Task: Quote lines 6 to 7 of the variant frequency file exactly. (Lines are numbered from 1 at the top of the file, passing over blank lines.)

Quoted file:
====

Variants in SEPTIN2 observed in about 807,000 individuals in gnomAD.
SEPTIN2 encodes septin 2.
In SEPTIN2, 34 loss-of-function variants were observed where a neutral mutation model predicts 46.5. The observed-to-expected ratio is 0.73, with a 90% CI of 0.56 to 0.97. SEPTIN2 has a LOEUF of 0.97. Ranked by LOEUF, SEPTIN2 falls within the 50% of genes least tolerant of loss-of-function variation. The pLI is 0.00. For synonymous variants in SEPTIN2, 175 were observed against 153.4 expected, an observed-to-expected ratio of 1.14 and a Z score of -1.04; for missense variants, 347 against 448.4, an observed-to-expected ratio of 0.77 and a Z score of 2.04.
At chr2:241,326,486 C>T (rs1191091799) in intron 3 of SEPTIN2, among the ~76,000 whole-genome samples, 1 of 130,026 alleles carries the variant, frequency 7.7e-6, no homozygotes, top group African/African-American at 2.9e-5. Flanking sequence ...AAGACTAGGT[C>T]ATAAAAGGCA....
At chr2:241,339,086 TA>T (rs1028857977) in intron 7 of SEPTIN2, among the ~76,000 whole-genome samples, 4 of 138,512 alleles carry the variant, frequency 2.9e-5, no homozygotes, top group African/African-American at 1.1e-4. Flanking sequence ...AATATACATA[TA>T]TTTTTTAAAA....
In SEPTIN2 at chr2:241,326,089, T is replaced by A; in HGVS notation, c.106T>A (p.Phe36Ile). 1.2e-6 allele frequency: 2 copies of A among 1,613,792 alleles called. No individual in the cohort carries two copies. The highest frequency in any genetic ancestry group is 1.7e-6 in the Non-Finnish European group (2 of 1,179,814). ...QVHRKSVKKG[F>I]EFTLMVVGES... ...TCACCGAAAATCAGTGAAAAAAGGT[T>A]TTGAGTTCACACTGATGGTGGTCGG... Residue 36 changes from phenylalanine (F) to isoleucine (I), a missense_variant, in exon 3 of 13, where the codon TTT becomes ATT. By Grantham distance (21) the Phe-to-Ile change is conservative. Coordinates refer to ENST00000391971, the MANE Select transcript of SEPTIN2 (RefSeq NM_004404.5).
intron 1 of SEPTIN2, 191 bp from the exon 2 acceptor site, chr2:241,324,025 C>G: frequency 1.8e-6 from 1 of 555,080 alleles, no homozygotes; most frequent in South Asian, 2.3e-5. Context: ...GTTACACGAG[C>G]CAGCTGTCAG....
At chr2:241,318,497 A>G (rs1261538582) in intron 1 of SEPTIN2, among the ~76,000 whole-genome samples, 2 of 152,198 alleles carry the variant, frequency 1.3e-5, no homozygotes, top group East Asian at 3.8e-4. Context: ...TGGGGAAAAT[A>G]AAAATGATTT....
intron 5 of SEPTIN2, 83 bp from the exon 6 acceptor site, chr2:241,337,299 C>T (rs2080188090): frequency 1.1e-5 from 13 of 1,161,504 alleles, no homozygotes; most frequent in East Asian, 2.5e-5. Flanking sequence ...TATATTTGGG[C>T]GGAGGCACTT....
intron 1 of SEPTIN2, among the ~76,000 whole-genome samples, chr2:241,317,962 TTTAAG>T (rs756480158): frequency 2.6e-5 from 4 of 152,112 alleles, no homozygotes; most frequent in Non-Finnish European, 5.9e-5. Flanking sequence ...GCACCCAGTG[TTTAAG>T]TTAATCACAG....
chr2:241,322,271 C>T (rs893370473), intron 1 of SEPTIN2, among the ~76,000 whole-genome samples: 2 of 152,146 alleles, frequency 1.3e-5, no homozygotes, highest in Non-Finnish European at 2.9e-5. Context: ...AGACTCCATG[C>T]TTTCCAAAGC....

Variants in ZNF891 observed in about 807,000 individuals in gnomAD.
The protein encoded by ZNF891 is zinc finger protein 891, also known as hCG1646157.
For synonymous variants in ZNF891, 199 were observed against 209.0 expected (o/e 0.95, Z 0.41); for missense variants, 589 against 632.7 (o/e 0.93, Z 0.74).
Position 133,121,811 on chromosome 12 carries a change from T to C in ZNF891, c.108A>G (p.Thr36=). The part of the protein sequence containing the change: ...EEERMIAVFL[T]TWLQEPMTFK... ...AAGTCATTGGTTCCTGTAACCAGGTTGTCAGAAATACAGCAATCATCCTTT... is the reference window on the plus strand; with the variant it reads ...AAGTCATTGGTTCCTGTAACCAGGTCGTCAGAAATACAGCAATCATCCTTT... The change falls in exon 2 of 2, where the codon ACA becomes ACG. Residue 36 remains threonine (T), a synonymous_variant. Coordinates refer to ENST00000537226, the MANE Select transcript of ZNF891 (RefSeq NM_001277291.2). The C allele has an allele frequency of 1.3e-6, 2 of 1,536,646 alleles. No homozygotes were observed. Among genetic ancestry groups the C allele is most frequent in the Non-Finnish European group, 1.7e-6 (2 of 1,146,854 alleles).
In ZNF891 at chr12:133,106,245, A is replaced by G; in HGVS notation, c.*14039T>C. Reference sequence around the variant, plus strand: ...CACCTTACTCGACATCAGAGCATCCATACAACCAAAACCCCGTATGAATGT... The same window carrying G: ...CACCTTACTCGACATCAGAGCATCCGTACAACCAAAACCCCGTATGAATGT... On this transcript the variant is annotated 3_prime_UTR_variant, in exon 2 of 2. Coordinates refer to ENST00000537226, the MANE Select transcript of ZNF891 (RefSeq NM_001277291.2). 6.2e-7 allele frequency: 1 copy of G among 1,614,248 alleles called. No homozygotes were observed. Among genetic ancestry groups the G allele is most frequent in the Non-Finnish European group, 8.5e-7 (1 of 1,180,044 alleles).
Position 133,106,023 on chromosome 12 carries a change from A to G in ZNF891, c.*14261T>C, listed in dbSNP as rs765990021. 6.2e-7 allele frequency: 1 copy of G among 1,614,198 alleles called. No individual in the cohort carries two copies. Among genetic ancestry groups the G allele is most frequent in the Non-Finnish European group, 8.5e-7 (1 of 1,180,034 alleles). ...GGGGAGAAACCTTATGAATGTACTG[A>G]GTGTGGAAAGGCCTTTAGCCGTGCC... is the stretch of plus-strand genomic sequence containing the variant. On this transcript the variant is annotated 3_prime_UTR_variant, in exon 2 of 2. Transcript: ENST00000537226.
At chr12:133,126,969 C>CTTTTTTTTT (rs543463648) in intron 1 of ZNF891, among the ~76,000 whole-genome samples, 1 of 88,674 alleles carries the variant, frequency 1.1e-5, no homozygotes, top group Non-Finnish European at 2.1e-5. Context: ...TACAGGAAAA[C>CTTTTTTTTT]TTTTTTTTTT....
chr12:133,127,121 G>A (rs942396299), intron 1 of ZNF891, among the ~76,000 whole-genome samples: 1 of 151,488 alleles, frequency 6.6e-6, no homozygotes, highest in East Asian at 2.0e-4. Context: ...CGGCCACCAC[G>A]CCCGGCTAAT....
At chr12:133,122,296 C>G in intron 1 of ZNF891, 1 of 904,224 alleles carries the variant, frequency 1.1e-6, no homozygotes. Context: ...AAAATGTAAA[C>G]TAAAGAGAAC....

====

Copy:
In SEPTIN2 at chr2:241,326,089, T is replaced by A; in HGVS notation, c.106T>A (p.Phe36Ile). 1.2e-6 allele frequency: 2 copies of A among 1,613,792 alleles called. No individual in the cohort carries two copies. The highest frequency in any genetic ancestry group is 1.7e-6 in the Non-Finnish European group (2 of 1,179,814). ...QVHRKSVKKG[F>I]EFTLMVVGES... ...TCACCGAAAATCAGTGAAAAAAGGT[T>A]TTGAGTTCACACTGATGGTGGTCGG... Residue 36 changes from phenylalanine (F) to isoleucine (I), a missense_variant, in exon 3 of 13, where the codon TTT becomes ATT. By Grantham distance (21) the Phe-to-Ile change is conservative. Coordinates refer to ENST00000391971, the MANE Select transcript of SEPTIN2 (RefSeq NM_004404.5).
intron 1 of SEPTIN2, 191 bp from the exon 2 acceptor site, chr2:241,324,025 C>G: frequency 1.8e-6 from 1 of 555,080 alleles, no homozygotes; most frequent in South Asian, 2.3e-5. Context: ...GTTACACGAG[C>G]CAGCTGTCAG....